So, how does design fit into technology? Design, as Jared Spool so succinctly put it is “the rendering of intent.” While that is a very correct, logical, and succinct way of boiling it down, I feel it misses one important element: people. Of course, there are cases where something can be “designed” that has nothing to do with people, but I would argue that that falls closer to “engineering” — but alas, that is the frustrating obstacle of language. I would define design, especially in the sense of designing products and software, as “the planning of technology’s relationship and interaction with people.” The definition of design simply has to include people. Bad designs are always the ones that collide with human behaviors; therefore, good designs are the ones that are transparent and helpful.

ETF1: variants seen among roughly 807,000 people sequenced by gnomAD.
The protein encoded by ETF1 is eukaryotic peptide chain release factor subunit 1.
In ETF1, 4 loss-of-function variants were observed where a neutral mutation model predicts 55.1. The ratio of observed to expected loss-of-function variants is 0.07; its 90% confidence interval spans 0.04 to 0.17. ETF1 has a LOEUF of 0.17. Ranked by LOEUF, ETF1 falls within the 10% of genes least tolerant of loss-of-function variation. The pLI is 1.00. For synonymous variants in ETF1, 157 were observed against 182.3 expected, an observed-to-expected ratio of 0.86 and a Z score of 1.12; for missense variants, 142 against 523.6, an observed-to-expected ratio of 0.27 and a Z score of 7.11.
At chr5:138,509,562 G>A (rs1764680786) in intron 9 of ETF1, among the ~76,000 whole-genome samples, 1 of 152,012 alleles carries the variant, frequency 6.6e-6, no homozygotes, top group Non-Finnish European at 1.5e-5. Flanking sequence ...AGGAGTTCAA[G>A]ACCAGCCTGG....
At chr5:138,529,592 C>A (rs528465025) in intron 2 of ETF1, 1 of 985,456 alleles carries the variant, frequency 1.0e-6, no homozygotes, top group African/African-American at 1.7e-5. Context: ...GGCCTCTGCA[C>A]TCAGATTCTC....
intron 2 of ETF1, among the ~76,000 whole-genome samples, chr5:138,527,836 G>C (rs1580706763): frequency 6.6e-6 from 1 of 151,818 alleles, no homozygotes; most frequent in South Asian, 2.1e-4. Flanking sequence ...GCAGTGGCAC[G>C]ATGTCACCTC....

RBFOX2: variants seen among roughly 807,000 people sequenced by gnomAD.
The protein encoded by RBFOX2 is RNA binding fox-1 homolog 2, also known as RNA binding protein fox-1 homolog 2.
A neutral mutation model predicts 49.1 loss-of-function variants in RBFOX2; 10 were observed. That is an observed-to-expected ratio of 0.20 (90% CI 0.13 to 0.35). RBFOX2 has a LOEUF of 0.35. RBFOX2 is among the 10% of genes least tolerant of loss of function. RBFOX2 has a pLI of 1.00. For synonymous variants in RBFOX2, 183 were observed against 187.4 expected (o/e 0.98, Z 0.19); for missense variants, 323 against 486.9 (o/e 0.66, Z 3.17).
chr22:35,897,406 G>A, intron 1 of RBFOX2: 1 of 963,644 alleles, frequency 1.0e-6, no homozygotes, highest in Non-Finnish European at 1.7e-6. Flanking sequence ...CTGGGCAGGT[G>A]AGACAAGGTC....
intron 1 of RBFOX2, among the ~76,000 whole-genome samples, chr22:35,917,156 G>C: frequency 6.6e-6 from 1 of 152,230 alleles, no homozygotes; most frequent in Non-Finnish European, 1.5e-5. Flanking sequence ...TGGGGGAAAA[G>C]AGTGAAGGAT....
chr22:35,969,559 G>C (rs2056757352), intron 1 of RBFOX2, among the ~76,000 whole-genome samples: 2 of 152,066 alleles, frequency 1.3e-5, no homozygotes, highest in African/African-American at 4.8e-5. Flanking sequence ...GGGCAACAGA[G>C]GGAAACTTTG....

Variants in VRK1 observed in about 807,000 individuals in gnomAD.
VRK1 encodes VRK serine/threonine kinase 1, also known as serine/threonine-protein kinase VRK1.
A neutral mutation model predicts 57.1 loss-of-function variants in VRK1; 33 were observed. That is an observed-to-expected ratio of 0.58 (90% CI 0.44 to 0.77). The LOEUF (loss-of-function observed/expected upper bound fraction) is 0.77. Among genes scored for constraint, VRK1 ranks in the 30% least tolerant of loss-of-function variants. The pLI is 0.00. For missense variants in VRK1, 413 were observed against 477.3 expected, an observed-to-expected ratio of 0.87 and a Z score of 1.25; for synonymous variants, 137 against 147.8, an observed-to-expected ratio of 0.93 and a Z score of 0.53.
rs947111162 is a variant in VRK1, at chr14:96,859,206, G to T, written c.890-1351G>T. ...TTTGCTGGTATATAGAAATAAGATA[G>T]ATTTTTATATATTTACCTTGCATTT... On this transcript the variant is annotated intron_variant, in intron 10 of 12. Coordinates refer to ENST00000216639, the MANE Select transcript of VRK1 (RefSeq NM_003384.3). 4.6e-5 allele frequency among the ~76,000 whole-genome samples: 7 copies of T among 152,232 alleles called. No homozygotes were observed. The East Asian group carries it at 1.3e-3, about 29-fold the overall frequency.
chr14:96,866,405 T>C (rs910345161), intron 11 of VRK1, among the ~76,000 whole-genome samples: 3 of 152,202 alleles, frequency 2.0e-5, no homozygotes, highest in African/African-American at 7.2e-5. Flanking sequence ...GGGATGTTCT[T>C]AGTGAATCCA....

When we create things without the end user in mind, or with some vague sense of them as a customer, we almost always end up creating a bad design. I like to call this an “undesigned” product. These undesigned products serve their creator first and the user second. When we create like this, it produces bad design, and bad design, like this book will convey, produces real harm to the people who experience it. Good design attempts to understand the intended user and create an experience that serves their needs. A good design is worthwhile one. One whose existence isn’t a burden on its users but instead makes their life better in some way.

However, good design isn’t just a bunch of goodwill and pleasant feelings; it’s good business, too. Designing well creates worthwhile experiences, and that sells. If your product serves you and your competitor’s product serves the customer, then the customer is going to use the one that was made for them first. In today’s technology landscape, it’s easier than ever for competitors to match features and scale up to millions of users. Thus, user-centered design, because of its accessible nature, will become the main differentiator.